To foster supply chain resiliency, Purchase Order (PO) and Pre-Shipment Finance are becoming increasingly relevant to support the working capital needs of SMEs/Suppliers that are bearing the weight of inflation, pressure to hold inventory on their balance sheets, and meet volume demand. The next step for banks is deep tier finance to extend SCF capabilities to tail end suppliers.
Finally, management of capital funding for trade finance is possible due to Citi’s infrastructure and network of
investors and banking partners, who are eager to support our joint clients.

Support Sales & Customer Resiliency while Managing DSO

The global slow-down has impacted demand. Customers are seeking flexible and longer payment terms. Sellers can leverage accounts receivable financing to potentially inject liquidity into sales distribution channels while managing DSO. Take for example Kimberly-Clark (K-C) in Brazil4. In March 2020, K-C, its
clients, and distributors in Brazil were challenged to manage the unprecedented working capital pressures created by the pandemic. Together with Citi, K-C developed a distribution finance solution that met the needs of the company’s buyers, giving them more time to pay K-C. Once a buyer purchases goods, K-C sends the invoice details to the bank electronically, with the net amount disbursed directly to K-C. On the invoice due date, the buyer remits funds to K-C as collection agent, which are then sent back to the bank.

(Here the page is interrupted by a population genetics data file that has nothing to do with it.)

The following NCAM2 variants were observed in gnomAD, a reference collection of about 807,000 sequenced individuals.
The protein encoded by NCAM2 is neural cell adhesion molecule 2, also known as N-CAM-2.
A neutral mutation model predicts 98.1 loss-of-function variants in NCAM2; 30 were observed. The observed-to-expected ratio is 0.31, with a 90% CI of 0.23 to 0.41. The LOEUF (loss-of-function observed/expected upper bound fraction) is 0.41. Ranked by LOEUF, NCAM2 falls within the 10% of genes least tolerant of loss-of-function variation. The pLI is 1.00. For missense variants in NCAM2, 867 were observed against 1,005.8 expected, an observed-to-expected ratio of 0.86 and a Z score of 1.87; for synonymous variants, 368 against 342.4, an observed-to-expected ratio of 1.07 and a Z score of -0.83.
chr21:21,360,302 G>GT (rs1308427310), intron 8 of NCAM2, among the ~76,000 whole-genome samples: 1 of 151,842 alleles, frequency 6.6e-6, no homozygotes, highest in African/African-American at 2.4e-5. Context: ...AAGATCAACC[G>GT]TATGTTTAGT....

Structured accounts receivable (AR) portfolio financing could be an efficient working capital optimization tool to reduce DSO, while allowing longer payment terms for strategic customers.
Continued Management of Working Capital
Effectively managing working capital in these turbulent times is key. The use of inventory finance for commodities and other components has been on the rise. Also, Citi’s Working Capital Trade Loans can be further leveraged for local markets, providing corporates with the necessary funds to pay local suppliers. Our corporate clients are also leveraging our enhanced platforms for further digitization of cash management.
Environmental, Sustainability, and Governance (ESG) components are increasingly being built into SCF and Trade Finance programs to support ESG goals. For example, in August, IFC, Citi and McCormick & Company announced a sustainability linked financing initiative. Under the initiative, suppliers can qualify for discounted rates on short-term working capital financing when they meet sustainability standards accepted by McCormick5.
As noted after the 2008 Financial Crisis, remaining vigilant with working capital will help stabilize operations during periods of crisis and accelerate recovery and growth post crisis. Today, Citi has many mature Trade and Working Capital solutions already in place and is well positioned to help corporates navigate these turbulent times.

1 Source; “Monetary Policy and Price Stability,” FRS Chair Jerome H. Powell, 2022

2 Source: ECB promises more rate hikes after unprecedented increase, Reuters, 2022

3 Source: FSG Deck on “Corporate Finance Planning for a Rising Rate Environment”

4 Source: Best Crisis Management Solution Highly Commended: Kimberly-Clark Brazil, Treasury Today, 2021
5 Source: IFC, McCormick & Company, and Citi Establish Sustainability-Linked Financing Partnership, Citi, 2021